Сhartering financial technology companies that offer bank products and services is connected with increased interest and inflow of investments in the sphere.

The Office of the Comptroller of the Currency (OCC) will consider applications from fintech companies to become special purpose national banks, according to Comptroller Thomas Curry.

The topic of fintech has been drawing increased interest in the sphere of banking and finance recently. As for statistics, Curry underlined that the number of fintech companies in the United States and United Kingdom has reached 4,000 while the investment in the sector has expanded from $1.8 billion to $24 billion in the last five years.

The launch of Office of Innovation in October became the first step to organize a non-supervisory forum for banks and fintechs to interact with the OCC.

“Our next step, which I am announcing here today, is that the OCC will move forward with chartering financial technology companies that offer bank products and services and meet our high standards and chartering requirements,” Curry said. “First and foremost, we believe doing so is in the public interest. It is clear that fintech companies hold great potential to expand financial inclusion, empower consumers, and help families and businesses take more control of their financial matters.”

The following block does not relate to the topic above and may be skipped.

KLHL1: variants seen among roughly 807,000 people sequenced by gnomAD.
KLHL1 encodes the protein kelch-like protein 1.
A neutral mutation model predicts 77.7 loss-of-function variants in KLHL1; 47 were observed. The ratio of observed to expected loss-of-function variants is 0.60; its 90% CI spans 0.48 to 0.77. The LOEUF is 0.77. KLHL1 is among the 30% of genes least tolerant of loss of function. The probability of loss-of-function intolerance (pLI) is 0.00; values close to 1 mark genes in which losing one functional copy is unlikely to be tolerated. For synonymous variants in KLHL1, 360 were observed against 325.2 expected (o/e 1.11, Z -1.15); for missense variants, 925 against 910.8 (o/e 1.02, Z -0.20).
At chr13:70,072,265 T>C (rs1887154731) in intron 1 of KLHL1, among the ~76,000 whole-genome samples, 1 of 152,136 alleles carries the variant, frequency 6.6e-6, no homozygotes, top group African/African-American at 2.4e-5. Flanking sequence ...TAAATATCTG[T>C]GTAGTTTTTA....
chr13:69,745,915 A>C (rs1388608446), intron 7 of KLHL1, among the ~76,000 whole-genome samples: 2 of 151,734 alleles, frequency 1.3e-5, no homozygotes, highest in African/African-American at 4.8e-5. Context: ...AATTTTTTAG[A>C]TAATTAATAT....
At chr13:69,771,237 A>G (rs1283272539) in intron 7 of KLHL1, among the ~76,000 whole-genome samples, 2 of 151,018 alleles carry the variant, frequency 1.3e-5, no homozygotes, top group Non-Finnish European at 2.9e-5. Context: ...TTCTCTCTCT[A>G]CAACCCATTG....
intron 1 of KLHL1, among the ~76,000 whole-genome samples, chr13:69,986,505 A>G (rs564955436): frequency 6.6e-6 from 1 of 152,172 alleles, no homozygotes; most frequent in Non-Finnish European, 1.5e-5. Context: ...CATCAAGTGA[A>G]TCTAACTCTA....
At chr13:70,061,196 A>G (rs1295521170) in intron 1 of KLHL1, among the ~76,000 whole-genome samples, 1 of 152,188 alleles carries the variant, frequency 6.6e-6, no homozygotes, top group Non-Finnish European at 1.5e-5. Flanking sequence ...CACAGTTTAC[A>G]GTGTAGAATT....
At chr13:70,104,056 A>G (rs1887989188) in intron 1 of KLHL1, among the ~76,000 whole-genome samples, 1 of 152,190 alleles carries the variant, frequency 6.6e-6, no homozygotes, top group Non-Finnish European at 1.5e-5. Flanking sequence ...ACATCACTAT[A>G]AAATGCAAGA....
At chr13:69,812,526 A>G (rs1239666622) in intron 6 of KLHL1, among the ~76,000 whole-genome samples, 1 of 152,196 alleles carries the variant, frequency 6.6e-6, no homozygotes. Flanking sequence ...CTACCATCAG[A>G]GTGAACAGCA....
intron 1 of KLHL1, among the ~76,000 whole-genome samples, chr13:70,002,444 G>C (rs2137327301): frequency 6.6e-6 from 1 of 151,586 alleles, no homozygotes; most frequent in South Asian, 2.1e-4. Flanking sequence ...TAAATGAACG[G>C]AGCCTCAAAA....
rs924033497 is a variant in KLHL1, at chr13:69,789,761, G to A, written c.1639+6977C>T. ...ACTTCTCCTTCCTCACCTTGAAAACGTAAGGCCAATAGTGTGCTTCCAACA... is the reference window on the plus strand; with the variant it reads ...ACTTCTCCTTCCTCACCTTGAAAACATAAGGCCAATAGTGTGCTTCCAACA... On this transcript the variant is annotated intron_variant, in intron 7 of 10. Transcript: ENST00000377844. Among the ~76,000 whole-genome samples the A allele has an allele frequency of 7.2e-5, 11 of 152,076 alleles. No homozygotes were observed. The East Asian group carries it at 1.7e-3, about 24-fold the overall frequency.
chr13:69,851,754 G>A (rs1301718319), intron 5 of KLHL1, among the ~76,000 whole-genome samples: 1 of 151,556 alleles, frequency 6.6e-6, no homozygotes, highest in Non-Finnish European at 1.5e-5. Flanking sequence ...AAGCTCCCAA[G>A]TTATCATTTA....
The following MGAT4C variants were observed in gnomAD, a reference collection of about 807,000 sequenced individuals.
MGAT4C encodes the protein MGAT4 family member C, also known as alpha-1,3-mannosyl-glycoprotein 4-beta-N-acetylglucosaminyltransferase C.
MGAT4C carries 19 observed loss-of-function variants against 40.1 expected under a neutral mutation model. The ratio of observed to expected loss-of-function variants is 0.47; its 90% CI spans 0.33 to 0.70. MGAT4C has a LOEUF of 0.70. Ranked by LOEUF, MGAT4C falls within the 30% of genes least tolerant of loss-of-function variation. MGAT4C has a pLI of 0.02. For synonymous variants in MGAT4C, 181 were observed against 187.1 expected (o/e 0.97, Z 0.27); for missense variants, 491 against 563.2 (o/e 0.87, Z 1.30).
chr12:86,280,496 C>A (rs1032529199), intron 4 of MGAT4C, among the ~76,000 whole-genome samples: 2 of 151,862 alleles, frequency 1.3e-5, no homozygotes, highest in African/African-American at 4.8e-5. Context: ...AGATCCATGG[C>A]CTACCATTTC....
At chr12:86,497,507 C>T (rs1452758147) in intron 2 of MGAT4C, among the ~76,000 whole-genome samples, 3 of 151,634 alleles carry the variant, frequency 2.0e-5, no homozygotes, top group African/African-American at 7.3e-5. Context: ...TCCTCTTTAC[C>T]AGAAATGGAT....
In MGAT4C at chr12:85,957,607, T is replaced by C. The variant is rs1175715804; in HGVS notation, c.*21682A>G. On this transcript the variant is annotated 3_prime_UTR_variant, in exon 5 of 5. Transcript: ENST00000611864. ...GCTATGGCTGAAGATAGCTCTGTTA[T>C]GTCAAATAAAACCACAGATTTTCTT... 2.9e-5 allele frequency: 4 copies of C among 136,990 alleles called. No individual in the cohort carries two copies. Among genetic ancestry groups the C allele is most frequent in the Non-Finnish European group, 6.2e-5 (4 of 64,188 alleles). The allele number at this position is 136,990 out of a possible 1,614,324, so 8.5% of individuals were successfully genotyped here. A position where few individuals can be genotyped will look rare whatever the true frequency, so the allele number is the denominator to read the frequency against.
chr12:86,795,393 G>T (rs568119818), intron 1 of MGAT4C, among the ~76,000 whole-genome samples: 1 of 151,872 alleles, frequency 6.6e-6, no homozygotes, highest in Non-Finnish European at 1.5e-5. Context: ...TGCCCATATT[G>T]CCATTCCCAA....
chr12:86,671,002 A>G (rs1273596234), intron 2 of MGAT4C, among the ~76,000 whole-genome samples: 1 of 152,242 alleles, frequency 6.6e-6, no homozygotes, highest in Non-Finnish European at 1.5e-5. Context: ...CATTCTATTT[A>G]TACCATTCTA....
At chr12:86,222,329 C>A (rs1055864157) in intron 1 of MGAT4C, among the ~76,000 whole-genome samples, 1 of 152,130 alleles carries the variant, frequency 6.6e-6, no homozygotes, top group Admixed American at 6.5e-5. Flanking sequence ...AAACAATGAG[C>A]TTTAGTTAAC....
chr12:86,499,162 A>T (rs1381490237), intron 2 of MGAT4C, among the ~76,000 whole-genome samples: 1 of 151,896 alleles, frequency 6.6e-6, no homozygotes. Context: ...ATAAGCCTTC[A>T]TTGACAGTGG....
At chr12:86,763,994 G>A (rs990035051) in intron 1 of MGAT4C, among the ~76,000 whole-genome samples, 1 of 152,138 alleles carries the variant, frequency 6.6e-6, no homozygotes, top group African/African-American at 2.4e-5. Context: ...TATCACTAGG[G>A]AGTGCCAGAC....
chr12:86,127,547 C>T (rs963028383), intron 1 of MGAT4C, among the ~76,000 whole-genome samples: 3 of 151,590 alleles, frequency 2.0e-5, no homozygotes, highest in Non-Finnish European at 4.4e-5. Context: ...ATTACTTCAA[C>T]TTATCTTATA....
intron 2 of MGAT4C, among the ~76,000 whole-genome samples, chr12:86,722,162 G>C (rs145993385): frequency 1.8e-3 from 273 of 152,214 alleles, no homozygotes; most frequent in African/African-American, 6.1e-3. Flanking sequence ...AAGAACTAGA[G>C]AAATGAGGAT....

The OCC published a paper on the conditions that the agency will consider in granting special purpose national bank charters. As a rule, companies are evaluated to demonstrate strong capital and liquidity, effective consumer protection, appropriate risk management, and a reasonable chance of success to get a charter.

The US Treasury Department is seeking public inputs about its consideration of Fintech firms as ‘special purpose’ national banks.

“The reality today is that the 4,000 fintech companies out there are already competing with national and state banks, without regard to any of the national bank responsibilities and under a patchwork of supervision,” Curry said. “Granting national charters to the companies who desire and warrant one doesn’t weaken the competitive position of existing banks or the dual banking system. In some ways, it levels the playing field because statutes that by their terms apply to national banks would apply to all special purpose national banks, even uninsured ones.”

Not long ago only traditional banks were entitled to offer these services. And if nonbank providers of financial services used to be taken as competitors of banks, now fintech companies are considering whether to become banks.

There is now a need to provide fintech companies with rational regulation, which will allow them operating in a safe manner in accordance with the needs of customers just as banks with full-service charters do.

The OCC welcomes a feedback on all aspects of the paper till January 15, 2017.

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